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Capitol Hill Falls Silent For Victims Of Arizona Shooting

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President Obama and the first lady observed a moment of silence on Monday in remembrance of those who were killed and wounded in Saturday's shooting in Arizona. There was also an observance at the U.S. Capitol.

About 20 minutes before 11 a.m. not many people were on the marble steps of the Capitol. A young Hill staffer was heard asking if anyone was going to come out in the bitter cold to observe a moment of silence. Then a slow trickle of staffers became a steady stream as hundreds of congressional aides and a few members filled the expansive space, honoring those who were shot in Arizona.

For a time, besides the occasional click of a camera, all that could be heard were wind gusts as many eyes on the steps filled with tears.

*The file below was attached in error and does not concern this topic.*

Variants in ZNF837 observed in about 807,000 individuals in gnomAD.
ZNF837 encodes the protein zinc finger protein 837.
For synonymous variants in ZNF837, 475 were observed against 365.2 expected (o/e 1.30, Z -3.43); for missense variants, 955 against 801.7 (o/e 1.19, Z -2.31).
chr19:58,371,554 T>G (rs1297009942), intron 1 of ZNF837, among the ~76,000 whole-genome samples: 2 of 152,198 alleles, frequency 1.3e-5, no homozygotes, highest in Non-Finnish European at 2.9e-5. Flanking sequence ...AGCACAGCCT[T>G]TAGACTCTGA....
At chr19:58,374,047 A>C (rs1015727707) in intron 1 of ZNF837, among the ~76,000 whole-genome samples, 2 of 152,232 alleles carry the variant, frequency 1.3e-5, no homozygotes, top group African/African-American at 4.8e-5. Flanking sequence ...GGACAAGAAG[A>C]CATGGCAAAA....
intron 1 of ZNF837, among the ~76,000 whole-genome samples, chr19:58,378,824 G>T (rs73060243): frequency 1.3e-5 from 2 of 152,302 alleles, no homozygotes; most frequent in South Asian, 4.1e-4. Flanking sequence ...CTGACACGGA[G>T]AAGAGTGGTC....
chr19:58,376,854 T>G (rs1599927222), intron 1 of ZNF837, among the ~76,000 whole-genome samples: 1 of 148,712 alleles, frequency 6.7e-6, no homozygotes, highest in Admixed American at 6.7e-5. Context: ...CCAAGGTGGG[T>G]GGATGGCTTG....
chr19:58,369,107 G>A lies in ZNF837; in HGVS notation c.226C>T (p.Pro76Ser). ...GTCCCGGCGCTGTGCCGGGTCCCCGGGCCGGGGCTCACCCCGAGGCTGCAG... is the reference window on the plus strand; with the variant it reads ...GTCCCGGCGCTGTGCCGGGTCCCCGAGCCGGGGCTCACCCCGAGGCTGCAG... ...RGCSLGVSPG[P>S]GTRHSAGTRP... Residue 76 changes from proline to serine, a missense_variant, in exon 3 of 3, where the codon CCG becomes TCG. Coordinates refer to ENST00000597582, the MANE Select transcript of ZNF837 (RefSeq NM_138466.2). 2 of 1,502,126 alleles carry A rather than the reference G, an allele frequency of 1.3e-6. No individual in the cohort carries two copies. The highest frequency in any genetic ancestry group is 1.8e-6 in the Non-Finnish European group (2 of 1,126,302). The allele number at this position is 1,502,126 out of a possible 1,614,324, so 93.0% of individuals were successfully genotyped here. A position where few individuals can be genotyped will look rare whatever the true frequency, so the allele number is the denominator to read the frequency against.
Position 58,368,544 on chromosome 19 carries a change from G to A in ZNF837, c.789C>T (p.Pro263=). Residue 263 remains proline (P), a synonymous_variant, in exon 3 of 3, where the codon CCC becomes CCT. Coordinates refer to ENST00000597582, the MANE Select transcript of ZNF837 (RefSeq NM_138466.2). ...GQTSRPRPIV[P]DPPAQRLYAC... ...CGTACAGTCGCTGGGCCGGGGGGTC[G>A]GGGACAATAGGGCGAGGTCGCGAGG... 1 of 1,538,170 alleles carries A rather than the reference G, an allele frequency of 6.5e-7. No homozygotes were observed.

Missouri Rep. Emanuel Cleaver, a Methodist minister, broke the silence with a prayer as the truly bi-partisan crowd locked arms.

"Help us move from this dark place to a place of sunshine and hope. Bless these, God, your servants, who serve this nation. Keep them safe," Cleaver said.

When the prayer was finished the large gathering slowly shuffled past as D.C. Delegate Eleanor Holmes Norton told reporters how healing it was to join the gathering.

"This reminds us that we are all bonded. And we better always remember it when we are on the House floor, when we are in our districts. We belong to the same group. We belong to the same institution. The attack on our colleague was an attack on each and every one of us," Norton said.

The president and the first lady also observed a moment of silence at the White House.

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